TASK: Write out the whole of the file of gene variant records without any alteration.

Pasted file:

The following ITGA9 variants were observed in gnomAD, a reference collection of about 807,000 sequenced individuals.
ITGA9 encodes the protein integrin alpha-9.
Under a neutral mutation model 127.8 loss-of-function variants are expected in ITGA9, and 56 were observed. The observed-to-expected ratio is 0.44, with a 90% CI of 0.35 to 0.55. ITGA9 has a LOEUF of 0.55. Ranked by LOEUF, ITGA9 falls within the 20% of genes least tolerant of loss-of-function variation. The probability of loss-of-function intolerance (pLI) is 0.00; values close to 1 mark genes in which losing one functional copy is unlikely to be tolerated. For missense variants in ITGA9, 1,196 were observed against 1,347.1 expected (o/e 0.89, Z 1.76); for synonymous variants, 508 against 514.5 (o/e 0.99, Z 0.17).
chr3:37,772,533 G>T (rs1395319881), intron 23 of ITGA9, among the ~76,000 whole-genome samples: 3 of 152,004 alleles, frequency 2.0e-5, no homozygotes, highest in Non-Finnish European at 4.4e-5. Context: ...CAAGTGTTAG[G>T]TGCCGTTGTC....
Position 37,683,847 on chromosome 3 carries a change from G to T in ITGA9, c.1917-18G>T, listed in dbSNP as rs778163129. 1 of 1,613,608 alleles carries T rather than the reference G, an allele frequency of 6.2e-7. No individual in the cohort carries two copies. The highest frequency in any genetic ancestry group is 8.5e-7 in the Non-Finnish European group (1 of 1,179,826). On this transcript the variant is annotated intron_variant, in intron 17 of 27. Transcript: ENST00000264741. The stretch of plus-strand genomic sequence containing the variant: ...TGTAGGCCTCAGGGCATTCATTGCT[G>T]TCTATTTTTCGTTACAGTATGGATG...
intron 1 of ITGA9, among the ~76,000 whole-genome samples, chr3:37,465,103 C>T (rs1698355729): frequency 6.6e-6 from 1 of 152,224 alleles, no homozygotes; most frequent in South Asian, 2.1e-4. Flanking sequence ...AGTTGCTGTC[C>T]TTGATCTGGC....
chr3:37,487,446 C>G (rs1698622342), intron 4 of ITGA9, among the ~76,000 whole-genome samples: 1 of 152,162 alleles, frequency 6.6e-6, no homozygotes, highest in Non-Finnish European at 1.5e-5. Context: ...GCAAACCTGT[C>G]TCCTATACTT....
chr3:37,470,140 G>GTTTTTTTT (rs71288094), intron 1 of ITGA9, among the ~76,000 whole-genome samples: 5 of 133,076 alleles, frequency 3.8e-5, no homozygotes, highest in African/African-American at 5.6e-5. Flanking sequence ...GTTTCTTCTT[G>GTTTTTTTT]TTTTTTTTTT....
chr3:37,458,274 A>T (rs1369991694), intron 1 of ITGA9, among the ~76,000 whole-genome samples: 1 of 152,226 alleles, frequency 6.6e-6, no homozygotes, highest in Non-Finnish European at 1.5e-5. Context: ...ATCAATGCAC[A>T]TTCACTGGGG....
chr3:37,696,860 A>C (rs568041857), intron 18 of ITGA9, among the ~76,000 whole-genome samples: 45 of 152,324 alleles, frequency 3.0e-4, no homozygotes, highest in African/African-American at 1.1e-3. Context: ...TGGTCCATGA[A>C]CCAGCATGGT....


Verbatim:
The following ITGA9 variants were observed in gnomAD, a reference collection of about 807,000 sequenced individuals.
ITGA9 encodes the protein integrin alpha-9.
Under a neutral mutation model 127.8 loss-of-function variants are expected in ITGA9, and 56 were observed. The observed-to-expected ratio is 0.44, with a 90% CI of 0.35 to 0.55. ITGA9 has a LOEUF of 0.55. Ranked by LOEUF, ITGA9 falls within the 20% of genes least tolerant of loss-of-function variation. The probability of loss-of-function intolerance (pLI) is 0.00; values close to 1 mark genes in which losing one functional copy is unlikely to be tolerated. For missense variants in ITGA9, 1,196 were observed against 1,347.1 expected (o/e 0.89, Z 1.76); for synonymous variants, 508 against 514.5 (o/e 0.99, Z 0.17).
chr3:37,772,533 G>T (rs1395319881), intron 23 of ITGA9, among the ~76,000 whole-genome samples: 3 of 152,004 alleles, frequency 2.0e-5, no homozygotes, highest in Non-Finnish European at 4.4e-5. Context: ...CAAGTGTTAG[G>T]TGCCGTTGTC....
Position 37,683,847 on chromosome 3 carries a change from G to T in ITGA9, c.1917-18G>T, listed in dbSNP as rs778163129. 1 of 1,613,608 alleles carries T rather than the reference G, an allele frequency of 6.2e-7. No individual in the cohort carries two copies. The highest frequency in any genetic ancestry group is 8.5e-7 in the Non-Finnish European group (1 of 1,179,826). On this transcript the variant is annotated intron_variant, in intron 17 of 27. Transcript: ENST00000264741. The stretch of plus-strand genomic sequence containing the variant: ...TGTAGGCCTCAGGGCATTCATTGCT[G>T]TCTATTTTTCGTTACAGTATGGATG...
intron 1 of ITGA9, among the ~76,000 whole-genome samples, chr3:37,465,103 C>T (rs1698355729): frequency 6.6e-6 from 1 of 152,224 alleles, no homozygotes; most frequent in South Asian, 2.1e-4. Flanking sequence ...AGTTGCTGTC[C>T]TTGATCTGGC....
chr3:37,487,446 C>G (rs1698622342), intron 4 of ITGA9, among the ~76,000 whole-genome samples: 1 of 152,162 alleles, frequency 6.6e-6, no homozygotes, highest in Non-Finnish European at 1.5e-5. Context: ...GCAAACCTGT[C>G]TCCTATACTT....
chr3:37,470,140 G>GTTTTTTTT (rs71288094), intron 1 of ITGA9, among the ~76,000 whole-genome samples: 5 of 133,076 alleles, frequency 3.8e-5, no homozygotes, highest in African/African-American at 5.6e-5. Flanking sequence ...GTTTCTTCTT[G>GTTTTTTTT]TTTTTTTTTT....
chr3:37,458,274 A>T (rs1369991694), intron 1 of ITGA9, among the ~76,000 whole-genome samples: 1 of 152,226 alleles, frequency 6.6e-6, no homozygotes, highest in Non-Finnish European at 1.5e-5. Context: ...ATCAATGCAC[A>T]TTCACTGGGG....
chr3:37,696,860 A>C (rs568041857), intron 18 of ITGA9, among the ~76,000 whole-genome samples: 45 of 152,324 alleles, frequency 3.0e-4, no homozygotes, highest in African/African-American at 1.1e-3. Context: ...TGGTCCATGA[A>C]CCAGCATGGT....